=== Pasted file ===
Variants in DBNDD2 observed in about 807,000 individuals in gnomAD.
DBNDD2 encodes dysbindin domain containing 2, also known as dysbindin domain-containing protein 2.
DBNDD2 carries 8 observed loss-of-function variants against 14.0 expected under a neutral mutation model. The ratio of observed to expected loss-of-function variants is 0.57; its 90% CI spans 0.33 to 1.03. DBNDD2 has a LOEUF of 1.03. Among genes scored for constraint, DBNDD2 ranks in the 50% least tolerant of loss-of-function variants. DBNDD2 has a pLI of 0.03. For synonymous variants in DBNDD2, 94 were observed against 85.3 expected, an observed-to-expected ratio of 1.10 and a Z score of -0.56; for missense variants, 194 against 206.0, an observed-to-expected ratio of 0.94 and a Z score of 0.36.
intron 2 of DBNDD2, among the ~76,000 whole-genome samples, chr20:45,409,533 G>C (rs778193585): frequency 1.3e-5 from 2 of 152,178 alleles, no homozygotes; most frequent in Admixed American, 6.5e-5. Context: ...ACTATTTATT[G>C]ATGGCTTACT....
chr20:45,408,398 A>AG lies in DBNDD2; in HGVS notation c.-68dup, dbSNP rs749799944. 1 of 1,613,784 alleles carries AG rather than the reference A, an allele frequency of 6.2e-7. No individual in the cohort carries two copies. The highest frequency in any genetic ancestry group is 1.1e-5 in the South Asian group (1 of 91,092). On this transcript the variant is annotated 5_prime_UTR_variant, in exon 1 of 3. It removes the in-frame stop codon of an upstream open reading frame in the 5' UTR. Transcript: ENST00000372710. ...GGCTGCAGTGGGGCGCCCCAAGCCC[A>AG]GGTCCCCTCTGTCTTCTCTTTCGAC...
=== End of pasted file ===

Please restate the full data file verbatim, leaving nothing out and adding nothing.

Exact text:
Variants in DBNDD2 observed in about 807,000 individuals in gnomAD.
DBNDD2 encodes dysbindin domain containing 2, also known as dysbindin domain-containing protein 2.
DBNDD2 carries 8 observed loss-of-function variants against 14.0 expected under a neutral mutation model. The ratio of observed to expected loss-of-function variants is 0.57; its 90% CI spans 0.33 to 1.03. DBNDD2 has a LOEUF of 1.03. Among genes scored for constraint, DBNDD2 ranks in the 50% least tolerant of loss-of-function variants. DBNDD2 has a pLI of 0.03. For synonymous variants in DBNDD2, 94 were observed against 85.3 expected, an observed-to-expected ratio of 1.10 and a Z score of -0.56; for missense variants, 194 against 206.0, an observed-to-expected ratio of 0.94 and a Z score of 0.36.
intron 2 of DBNDD2, among the ~76,000 whole-genome samples, chr20:45,409,533 G>C (rs778193585): frequency 1.3e-5 from 2 of 152,178 alleles, no homozygotes; most frequent in Admixed American, 6.5e-5. Context: ...ACTATTTATT[G>C]ATGGCTTACT....
chr20:45,408,398 A>AG lies in DBNDD2; in HGVS notation c.-68dup, dbSNP rs749799944. 1 of 1,613,784 alleles carries AG rather than the reference A, an allele frequency of 6.2e-7. No individual in the cohort carries two copies. The highest frequency in any genetic ancestry group is 1.1e-5 in the South Asian group (1 of 91,092). On this transcript the variant is annotated 5_prime_UTR_variant, in exon 1 of 3. It removes the in-frame stop codon of an upstream open reading frame in the 5' UTR. Transcript: ENST00000372710. ...GGCTGCAGTGGGGCGCCCCAAGCCC[A>AG]GGTCCCCTCTGTCTTCTCTTTCGAC...